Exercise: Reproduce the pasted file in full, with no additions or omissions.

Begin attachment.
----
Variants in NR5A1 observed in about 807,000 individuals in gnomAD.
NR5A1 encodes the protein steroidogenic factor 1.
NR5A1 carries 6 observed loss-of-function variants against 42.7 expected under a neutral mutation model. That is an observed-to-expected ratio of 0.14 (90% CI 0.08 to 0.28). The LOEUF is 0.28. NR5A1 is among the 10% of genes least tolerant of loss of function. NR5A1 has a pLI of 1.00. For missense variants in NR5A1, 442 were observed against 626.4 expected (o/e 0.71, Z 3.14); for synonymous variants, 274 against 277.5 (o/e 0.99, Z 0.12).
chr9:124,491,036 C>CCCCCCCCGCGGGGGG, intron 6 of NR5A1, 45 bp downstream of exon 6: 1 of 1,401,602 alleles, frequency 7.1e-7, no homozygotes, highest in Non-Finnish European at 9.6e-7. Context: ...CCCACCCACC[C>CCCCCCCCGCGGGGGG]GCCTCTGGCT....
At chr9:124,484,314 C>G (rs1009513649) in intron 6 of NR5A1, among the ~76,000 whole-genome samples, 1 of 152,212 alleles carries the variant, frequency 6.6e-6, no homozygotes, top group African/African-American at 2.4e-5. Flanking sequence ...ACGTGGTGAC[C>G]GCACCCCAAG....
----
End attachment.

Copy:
Variants in NR5A1 observed in about 807,000 individuals in gnomAD.
NR5A1 encodes the protein steroidogenic factor 1.
NR5A1 carries 6 observed loss-of-function variants against 42.7 expected under a neutral mutation model. That is an observed-to-expected ratio of 0.14 (90% CI 0.08 to 0.28). The LOEUF is 0.28. NR5A1 is among the 10% of genes least tolerant of loss of function. NR5A1 has a pLI of 1.00. For missense variants in NR5A1, 442 were observed against 626.4 expected (o/e 0.71, Z 3.14); for synonymous variants, 274 against 277.5 (o/e 0.99, Z 0.12).
chr9:124,491,036 C>CCCCCCCCGCGGGGGG, intron 6 of NR5A1, 45 bp downstream of exon 6: 1 of 1,401,602 alleles, frequency 7.1e-7, no homozygotes, highest in Non-Finnish European at 9.6e-7. Context: ...CCCACCCACC[C>CCCCCCCCGCGGGGGG]GCCTCTGGCT....
At chr9:124,484,314 C>G (rs1009513649) in intron 6 of NR5A1, among the ~76,000 whole-genome samples, 1 of 152,212 alleles carries the variant, frequency 6.6e-6, no homozygotes, top group African/African-American at 2.4e-5. Flanking sequence ...ACGTGGTGAC[C>G]GCACCCCAAG....